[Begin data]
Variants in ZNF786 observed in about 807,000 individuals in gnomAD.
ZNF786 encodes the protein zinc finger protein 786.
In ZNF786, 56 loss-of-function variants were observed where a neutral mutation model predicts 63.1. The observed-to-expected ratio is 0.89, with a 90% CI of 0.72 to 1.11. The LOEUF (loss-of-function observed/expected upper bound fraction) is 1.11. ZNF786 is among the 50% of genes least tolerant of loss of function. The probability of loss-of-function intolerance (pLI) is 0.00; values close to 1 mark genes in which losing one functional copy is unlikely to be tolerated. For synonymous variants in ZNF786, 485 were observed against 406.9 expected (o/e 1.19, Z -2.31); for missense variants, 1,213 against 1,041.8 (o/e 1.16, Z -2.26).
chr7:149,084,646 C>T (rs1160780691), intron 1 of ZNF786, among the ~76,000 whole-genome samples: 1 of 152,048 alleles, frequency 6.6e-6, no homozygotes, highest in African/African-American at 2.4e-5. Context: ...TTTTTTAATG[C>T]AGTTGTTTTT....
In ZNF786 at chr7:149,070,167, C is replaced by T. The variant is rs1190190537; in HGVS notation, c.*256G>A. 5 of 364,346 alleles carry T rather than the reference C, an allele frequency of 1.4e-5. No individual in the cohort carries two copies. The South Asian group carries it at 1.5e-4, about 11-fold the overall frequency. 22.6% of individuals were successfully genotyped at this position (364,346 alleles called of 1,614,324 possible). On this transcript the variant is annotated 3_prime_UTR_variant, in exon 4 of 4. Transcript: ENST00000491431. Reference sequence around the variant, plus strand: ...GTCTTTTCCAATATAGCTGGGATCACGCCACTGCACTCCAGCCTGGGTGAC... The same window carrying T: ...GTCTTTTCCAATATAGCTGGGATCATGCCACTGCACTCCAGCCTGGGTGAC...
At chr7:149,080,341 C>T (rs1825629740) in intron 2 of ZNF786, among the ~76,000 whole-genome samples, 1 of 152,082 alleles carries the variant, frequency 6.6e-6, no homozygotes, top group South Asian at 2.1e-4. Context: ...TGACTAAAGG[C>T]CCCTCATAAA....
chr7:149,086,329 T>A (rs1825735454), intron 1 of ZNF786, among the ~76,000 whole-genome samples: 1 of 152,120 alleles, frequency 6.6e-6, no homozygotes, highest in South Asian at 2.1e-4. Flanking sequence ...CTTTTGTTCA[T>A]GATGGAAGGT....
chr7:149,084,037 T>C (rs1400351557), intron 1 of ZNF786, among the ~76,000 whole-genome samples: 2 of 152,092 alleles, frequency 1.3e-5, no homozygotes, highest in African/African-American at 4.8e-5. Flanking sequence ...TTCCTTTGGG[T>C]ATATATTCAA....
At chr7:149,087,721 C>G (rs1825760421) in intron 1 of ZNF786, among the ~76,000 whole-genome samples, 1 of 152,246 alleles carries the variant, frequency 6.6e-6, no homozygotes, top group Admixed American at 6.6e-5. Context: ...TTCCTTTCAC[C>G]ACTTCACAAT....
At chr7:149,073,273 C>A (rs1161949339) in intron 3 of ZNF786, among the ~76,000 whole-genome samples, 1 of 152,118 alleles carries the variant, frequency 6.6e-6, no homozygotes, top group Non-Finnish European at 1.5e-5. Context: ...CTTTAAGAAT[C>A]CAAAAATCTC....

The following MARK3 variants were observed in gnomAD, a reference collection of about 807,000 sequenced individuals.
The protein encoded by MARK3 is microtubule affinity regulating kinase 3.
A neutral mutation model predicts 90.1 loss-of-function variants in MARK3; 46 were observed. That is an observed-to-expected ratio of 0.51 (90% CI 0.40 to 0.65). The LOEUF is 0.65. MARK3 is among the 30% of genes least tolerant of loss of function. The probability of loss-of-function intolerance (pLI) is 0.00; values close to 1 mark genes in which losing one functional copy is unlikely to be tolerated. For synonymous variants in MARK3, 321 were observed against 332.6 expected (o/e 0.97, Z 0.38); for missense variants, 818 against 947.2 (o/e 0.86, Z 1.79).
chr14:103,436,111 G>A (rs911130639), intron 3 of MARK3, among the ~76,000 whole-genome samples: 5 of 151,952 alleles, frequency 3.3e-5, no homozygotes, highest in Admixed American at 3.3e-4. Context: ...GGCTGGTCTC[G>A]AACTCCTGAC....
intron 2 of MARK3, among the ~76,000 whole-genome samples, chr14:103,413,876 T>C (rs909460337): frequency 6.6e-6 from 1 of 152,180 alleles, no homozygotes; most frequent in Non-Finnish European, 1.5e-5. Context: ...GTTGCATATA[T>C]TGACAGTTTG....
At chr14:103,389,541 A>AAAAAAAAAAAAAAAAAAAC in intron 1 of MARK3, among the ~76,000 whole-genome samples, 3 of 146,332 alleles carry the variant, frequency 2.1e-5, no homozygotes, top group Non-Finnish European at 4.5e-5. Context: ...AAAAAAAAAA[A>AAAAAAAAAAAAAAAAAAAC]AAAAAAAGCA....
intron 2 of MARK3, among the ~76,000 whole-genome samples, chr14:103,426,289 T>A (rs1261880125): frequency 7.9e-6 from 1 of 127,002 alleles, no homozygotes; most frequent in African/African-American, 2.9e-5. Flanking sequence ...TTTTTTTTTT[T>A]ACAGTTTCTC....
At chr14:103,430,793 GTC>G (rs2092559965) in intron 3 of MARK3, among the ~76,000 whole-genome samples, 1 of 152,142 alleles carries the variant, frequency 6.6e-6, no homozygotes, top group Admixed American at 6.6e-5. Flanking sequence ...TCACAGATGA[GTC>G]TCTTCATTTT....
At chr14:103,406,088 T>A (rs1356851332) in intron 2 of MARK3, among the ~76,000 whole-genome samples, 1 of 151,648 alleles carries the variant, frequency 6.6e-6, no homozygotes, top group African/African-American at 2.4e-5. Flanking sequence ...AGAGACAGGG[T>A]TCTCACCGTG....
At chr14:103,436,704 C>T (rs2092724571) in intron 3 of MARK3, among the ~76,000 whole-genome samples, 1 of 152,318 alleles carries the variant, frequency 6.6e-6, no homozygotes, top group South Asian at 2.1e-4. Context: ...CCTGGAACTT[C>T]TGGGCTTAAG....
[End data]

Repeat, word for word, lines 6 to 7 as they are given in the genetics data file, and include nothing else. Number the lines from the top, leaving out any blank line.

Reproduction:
At chr7:149,080,341 C>T (rs1825629740) in intron 2 of ZNF786, among the ~76,000 whole-genome samples, 1 of 152,082 alleles carries the variant, frequency 6.6e-6, no homozygotes, top group South Asian at 2.1e-4. Context: ...TGACTAAAGG[C>T]CCCTCATAAA....
chr7:149,086,329 T>A (rs1825735454), intron 1 of ZNF786, among the ~76,000 whole-genome samples: 1 of 152,120 alleles, frequency 6.6e-6, no homozygotes, highest in South Asian at 2.1e-4. Flanking sequence ...CTTTTGTTCA[T>A]GATGGAAGGT....